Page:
Sendai to Matsushima

Cyclists were lined up at rail crossings, holding clear umbrellas and wearing clear plastic ponchos, during morning rush hour, somewhere in Tōhoku. The train from Sendai pulled in to an open platform with no station sign, and I asked a boy across the aisle if this was Kokufu-Tagajo. He looked up, alarmed, and by instinct grabbed for his phone, but there was no time, and besides we did not speak each other’s languages. I stepped out—the right choice, this time. We put ourselves at the mercy of the world when we travel, which is part of the point.

Many things written for US readers about Japan have a focus on the ultra-modern, such as bullet trains, or the deeply stylized, such as anime or bonsai. Tōhoku, the northern part of Honshu, Japan’s largest island, is different: valleys planted in rice and Japanese apricots; mountains with ancient conifers and wild tangles of grasses and ivy; and sometimes-drab villages with tangles of electrical wires overhead, and dusty solar panels and snow guards on roofs. There are no Robot Restaurants here.

The rain was light but slanting on my first day of walking portions of the Basho Trail. I sat in my raingear outside the Tōhoku History Museum, near the station, waiting for it to open. I felt present and healthy; there was a familiar feeling of stillness after chaos. I wondered how anyone knew the difference between enlightenment and exhaustion. The museum had an excellent collection of artifacts, displays, and dioramas about the region, from prehistory to the present. An Edo-period farmhouse on the grounds was surrounded by hydrangea, weeping willows, and Japanese maples, and flowering water lilies. But I was eager to begin.

That day was more volksmarch than literary pilgrimage, and the path led past homes, gardens, and greenhouses, and through fields of Japanese Irises done blooming for the season. (They bloomed when Basho was here in early June 1689, which the town marks with a festival.) A worker was pulling up plants and bulbs and throwing them in the back of a tiny pickup truck.

Just over the hill was the Tsubo-no-Ishibumi stone, a six-foot high rock marker, engraved in the eighth century, to the administrative fortress of Taga. Taga Castle had walls a kilometer on every side and was meant to bring security and peace to the countryside. It was finished as a power by the 12th century, and now is a mere outline on the ground. Basho saw and loved the stone for its timelessness in the midst of impermanence.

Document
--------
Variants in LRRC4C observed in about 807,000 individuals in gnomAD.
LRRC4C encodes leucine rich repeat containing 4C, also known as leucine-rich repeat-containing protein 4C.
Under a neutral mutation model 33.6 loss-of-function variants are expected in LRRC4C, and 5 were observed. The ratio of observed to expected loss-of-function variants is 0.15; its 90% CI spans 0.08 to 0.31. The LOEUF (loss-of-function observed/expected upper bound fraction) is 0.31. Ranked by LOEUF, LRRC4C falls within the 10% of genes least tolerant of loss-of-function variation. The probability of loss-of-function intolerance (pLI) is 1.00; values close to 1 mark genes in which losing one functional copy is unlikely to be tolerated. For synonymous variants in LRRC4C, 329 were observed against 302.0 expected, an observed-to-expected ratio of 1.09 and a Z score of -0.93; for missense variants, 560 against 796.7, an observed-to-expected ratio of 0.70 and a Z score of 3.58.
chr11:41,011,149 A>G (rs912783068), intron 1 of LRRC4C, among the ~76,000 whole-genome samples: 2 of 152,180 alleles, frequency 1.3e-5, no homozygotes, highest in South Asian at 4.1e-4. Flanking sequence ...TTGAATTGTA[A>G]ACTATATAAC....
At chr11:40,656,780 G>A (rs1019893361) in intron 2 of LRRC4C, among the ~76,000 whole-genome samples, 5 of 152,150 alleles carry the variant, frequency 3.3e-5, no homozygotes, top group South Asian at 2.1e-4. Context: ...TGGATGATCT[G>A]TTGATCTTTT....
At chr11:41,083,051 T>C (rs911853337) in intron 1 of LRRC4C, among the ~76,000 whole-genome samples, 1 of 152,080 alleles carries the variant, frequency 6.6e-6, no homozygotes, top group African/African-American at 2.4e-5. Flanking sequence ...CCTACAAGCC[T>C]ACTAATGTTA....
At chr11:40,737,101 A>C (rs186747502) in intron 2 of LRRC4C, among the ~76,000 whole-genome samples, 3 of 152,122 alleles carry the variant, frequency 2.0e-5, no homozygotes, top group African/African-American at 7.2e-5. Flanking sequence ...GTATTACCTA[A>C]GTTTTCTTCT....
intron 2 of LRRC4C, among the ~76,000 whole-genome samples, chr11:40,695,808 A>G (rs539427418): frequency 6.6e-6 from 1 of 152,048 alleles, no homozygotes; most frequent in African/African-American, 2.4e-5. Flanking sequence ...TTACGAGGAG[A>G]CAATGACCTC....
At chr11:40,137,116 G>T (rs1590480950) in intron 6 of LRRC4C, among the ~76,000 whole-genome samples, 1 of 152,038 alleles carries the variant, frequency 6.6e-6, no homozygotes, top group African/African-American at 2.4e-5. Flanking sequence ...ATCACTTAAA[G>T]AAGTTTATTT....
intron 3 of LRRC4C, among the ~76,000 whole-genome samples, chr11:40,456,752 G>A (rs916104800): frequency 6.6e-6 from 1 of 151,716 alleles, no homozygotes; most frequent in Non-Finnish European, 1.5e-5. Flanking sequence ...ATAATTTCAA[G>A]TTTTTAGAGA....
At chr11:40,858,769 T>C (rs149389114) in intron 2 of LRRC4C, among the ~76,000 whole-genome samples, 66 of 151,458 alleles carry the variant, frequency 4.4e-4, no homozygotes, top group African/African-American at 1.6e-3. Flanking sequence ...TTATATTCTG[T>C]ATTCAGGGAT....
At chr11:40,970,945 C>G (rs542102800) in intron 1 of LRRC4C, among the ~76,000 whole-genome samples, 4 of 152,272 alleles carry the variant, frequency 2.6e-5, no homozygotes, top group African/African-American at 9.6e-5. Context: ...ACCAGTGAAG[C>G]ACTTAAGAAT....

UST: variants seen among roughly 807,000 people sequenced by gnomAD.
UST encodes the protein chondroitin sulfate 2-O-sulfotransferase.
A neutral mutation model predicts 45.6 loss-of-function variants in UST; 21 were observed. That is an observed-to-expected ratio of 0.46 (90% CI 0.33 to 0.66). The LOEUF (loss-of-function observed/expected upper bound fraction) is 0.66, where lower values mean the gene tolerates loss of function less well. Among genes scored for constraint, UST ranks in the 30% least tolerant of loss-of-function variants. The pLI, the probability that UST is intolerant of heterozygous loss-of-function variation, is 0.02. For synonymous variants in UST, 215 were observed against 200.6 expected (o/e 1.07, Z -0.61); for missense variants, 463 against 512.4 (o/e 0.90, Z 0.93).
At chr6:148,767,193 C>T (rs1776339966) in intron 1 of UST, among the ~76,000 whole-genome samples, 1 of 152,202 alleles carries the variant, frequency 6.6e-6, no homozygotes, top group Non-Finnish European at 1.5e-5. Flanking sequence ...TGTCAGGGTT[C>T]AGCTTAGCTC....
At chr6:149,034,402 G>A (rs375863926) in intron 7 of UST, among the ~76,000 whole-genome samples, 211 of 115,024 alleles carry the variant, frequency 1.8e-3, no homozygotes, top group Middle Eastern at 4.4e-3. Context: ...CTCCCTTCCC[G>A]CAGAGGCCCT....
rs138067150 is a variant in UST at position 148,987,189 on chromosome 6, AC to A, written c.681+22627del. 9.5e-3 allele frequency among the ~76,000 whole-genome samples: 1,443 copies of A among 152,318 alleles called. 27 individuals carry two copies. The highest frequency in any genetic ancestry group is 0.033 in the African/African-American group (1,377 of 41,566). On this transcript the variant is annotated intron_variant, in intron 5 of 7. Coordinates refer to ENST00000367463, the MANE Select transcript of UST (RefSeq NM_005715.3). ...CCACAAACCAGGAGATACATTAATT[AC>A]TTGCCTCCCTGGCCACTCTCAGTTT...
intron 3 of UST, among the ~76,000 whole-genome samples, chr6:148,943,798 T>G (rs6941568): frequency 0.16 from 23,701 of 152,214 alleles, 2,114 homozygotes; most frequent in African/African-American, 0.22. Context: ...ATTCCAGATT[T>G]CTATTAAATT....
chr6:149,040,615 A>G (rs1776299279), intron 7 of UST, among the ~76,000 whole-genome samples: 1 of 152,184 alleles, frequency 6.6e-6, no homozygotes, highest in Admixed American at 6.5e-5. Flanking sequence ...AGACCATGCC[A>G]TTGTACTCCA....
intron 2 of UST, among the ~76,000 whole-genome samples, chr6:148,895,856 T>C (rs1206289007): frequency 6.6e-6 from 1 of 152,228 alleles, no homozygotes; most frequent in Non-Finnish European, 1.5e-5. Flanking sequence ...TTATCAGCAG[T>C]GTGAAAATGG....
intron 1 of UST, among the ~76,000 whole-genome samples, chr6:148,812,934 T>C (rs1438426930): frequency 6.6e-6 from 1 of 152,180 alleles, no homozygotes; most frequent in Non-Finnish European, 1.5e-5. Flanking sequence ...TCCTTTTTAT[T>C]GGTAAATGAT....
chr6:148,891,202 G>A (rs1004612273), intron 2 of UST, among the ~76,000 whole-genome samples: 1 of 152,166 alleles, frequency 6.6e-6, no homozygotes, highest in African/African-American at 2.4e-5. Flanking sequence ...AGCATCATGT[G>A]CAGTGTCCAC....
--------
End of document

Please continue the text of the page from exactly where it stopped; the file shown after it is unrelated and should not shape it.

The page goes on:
“Many are the places that have been made famous in poetry of the past,” he wrote. “But mountains erode, rivers change their course, roads are improved, and famous stone monuments are buried and hidden under the soil. […] However, here I stand before a monument which without a doubt represents a thousand years. I feel a strong affinity with the people of ancient times. This emotion is the pilgrim’s reward. This is the reward life can bring. I forget the hardships of the road and am moved to tears.”

I walked on through rainy woods and up lanes slick as creek-stone, to Mutsu-shoshanmoiya Shrine, to pay my respects to its 600-year old cedar.

“Hello, Grandfather,” I said. “Felicitations.” I bowed and looked up into its boughs. A half cup of cold water splatted on my cheek. It was a good joke.

I walked on to Shiogama Shrine, 1,200 years old. Basho also passed under its torii gate, which was only 25 years old then. There is a long climb up more than 200 stone steps to the temples and museum at the top, with exhibits on whaling and salt production. (Shiogama means salt-furnace. Earthly trade seems often to have ensured shrines’ longevity.) Then I marched steeply downhill to the city of Shiogama and its port.

This is the tsunami coast. The great Tohoku quake of 2011 (a 9.0 on the Richter scale) and subsequent tsunami killed nearly 16,000 and left 500,000 homeless. Of course it also damaged the Fukushima nuclear plant, so we think of it as a modern disaster. Archaeologists know a tsunami did extensive damage to Taga Castle in 869, several kilometers inland. Signs through town show where to run if the tsunami siren goes off; not many places are high and sturdy enough.

I walked on to board the Basho cruise, a boat ride through hundreds of picturesque islands in Matsushima Bay. Basho and his former student and companion, Sora, paddled through these islands and found them so stunning Basho was unable to write a hokku to match his feelings. The boat’s recorded guide-patter kept saying “Matsuo Basho” in Japanese, but when it was the English version’s turn, said brief things like, “This is called Horse Island, because it looks like a horse.”

My hotel that night had flooded in the tsunami, but my room on the fourth floor was not damaged. It had two low beds, tatami mats, and a view of the bay. Its outdated pink bathroom reminded me of my Aunt Margie’s, where as a child I felt safe and pampered.

Despite my slight irritation that the route had not been hard enough for me to feel I had earned my way, something in my left ankle and right hip had gone wrong, and patches of plantar fasciitis were thick and tender on my soles. I sat in a deep tub a long time, appreciating water and elevation.

John Griswold

John Griswold is a staff writer at The Common Reader. His most recent book is a collection of essays, The Age of Clear Profit: Essays on Home and the Narrow Road (UGA Press 2022). His previous collection was Pirates You Don’t Know, and Other Adventures in the Examined Life. He has also published a novel, A Democracy of Ghosts, and a narrative nonfiction book, Herrin: The Brief History of an Infamous American City. He was the founding Series Editor of Crux, a literary nonfiction book series at University of Georgia Press. His work has been included and listed as notable in Best American anthologies.